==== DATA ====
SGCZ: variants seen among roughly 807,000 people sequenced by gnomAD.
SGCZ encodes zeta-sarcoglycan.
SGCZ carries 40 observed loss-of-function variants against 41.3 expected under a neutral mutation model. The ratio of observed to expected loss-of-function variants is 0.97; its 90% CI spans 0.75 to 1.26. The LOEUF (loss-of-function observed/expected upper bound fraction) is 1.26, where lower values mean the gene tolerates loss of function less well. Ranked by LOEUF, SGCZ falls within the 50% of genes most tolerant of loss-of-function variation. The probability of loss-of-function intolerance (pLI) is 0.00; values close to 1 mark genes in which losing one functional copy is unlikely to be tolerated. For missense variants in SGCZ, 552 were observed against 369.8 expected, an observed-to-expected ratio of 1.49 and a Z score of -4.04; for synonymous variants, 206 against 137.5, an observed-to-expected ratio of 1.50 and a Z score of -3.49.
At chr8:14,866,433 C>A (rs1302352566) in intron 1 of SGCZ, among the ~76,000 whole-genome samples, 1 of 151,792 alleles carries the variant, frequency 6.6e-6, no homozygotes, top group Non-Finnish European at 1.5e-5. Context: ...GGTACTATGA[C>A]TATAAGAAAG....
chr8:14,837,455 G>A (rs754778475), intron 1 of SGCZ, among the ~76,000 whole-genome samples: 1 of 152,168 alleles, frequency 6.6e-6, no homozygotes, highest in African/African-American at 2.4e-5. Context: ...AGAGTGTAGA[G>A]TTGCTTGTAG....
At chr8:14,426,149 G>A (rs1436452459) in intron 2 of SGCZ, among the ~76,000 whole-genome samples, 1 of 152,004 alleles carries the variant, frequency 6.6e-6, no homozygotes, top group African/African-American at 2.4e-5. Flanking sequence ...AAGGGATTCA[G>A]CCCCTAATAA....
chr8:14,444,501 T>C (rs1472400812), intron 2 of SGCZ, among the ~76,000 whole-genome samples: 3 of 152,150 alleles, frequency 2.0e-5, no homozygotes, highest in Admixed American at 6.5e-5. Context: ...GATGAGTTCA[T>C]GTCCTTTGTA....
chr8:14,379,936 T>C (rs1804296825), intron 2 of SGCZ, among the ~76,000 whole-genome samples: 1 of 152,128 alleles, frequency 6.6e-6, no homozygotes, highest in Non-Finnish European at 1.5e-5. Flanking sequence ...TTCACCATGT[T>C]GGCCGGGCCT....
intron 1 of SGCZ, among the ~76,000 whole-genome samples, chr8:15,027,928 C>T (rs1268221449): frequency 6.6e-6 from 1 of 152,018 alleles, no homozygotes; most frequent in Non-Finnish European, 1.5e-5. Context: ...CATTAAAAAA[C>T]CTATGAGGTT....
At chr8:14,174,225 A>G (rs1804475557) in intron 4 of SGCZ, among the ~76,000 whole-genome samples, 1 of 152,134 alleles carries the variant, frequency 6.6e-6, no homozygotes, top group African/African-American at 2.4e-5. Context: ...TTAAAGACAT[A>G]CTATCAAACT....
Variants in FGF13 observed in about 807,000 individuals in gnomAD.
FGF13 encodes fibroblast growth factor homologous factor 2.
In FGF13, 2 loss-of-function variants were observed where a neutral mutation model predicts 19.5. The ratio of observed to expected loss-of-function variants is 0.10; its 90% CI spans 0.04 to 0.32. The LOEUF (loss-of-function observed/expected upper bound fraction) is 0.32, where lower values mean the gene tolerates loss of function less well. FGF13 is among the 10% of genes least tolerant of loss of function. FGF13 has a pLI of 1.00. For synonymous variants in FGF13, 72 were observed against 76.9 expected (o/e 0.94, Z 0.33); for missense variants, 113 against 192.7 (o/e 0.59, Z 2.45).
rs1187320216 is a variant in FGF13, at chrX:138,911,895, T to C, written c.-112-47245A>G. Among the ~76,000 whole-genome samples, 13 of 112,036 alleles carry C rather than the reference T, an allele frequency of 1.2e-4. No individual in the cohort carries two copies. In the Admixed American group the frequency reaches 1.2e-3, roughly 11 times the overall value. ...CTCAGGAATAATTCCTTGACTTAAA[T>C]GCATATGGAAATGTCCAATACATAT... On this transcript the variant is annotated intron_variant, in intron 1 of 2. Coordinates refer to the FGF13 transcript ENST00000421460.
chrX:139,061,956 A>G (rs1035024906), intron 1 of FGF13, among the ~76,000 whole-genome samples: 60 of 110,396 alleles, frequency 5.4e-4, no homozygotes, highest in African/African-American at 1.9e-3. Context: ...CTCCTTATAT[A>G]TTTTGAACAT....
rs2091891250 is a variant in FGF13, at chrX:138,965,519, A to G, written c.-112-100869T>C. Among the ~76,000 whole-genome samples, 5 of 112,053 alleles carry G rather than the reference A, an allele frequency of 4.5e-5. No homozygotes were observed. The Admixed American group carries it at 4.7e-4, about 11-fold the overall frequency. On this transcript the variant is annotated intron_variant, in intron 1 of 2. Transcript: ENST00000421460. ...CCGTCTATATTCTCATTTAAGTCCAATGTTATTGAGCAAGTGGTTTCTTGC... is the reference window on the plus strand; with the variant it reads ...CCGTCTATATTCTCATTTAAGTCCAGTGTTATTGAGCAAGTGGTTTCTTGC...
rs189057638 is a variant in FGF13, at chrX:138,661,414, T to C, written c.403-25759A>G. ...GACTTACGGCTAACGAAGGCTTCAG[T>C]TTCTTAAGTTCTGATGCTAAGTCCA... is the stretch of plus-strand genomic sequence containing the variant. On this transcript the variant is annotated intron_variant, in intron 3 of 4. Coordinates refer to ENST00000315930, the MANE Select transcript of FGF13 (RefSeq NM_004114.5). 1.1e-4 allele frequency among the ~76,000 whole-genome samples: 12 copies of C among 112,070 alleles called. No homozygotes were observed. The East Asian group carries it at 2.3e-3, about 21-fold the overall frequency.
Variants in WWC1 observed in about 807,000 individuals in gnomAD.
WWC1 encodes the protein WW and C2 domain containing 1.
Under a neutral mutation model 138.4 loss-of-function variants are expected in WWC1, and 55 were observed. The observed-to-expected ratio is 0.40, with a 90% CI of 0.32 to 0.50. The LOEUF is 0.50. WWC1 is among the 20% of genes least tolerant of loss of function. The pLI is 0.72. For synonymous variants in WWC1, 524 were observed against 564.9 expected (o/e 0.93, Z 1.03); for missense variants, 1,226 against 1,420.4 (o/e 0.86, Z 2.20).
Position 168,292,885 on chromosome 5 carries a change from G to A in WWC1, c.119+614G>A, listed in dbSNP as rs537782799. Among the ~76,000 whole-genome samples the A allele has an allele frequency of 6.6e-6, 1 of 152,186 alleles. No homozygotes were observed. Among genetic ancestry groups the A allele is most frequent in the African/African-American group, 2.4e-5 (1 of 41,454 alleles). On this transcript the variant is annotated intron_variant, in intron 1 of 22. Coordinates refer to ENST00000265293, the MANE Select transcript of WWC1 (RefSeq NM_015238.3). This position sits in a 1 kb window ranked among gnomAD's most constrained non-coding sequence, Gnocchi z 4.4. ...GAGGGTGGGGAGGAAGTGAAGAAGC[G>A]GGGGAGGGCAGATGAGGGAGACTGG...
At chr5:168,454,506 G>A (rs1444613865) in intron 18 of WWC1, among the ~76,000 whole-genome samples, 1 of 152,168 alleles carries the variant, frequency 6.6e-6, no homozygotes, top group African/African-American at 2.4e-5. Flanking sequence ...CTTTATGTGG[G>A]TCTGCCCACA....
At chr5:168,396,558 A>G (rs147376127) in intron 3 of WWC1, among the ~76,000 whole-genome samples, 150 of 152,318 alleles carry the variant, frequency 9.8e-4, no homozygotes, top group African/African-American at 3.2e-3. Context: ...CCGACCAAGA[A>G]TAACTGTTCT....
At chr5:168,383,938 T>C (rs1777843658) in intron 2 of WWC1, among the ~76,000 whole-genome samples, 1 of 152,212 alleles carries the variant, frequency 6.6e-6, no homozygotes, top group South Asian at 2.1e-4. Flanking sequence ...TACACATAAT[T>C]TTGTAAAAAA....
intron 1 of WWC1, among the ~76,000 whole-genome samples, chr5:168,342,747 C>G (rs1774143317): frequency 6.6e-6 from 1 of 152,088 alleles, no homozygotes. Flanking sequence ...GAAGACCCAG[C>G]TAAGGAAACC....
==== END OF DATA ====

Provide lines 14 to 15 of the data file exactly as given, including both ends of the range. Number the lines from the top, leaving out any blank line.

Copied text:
rs1187320216 is a variant in FGF13, at chrX:138,911,895, T to C, written c.-112-47245A>G. Among the ~76,000 whole-genome samples, 13 of 112,036 alleles carry C rather than the reference T, an allele frequency of 1.2e-4. No individual in the cohort carries two copies. In the Admixed American group the frequency reaches 1.2e-3, roughly 11 times the overall value. ...CTCAGGAATAATTCCTTGACTTAAA[T>C]GCATATGGAAATGTCCAATACATAT... On this transcript the variant is annotated intron_variant, in intron 1 of 2. Coordinates refer to the FGF13 transcript ENST00000421460.
chrX:139,061,956 A>G (rs1035024906), intron 1 of FGF13, among the ~76,000 whole-genome samples: 60 of 110,396 alleles, frequency 5.4e-4, no homozygotes, highest in African/African-American at 1.9e-3. Context: ...CTCCTTATAT[A>G]TTTTGAACAT....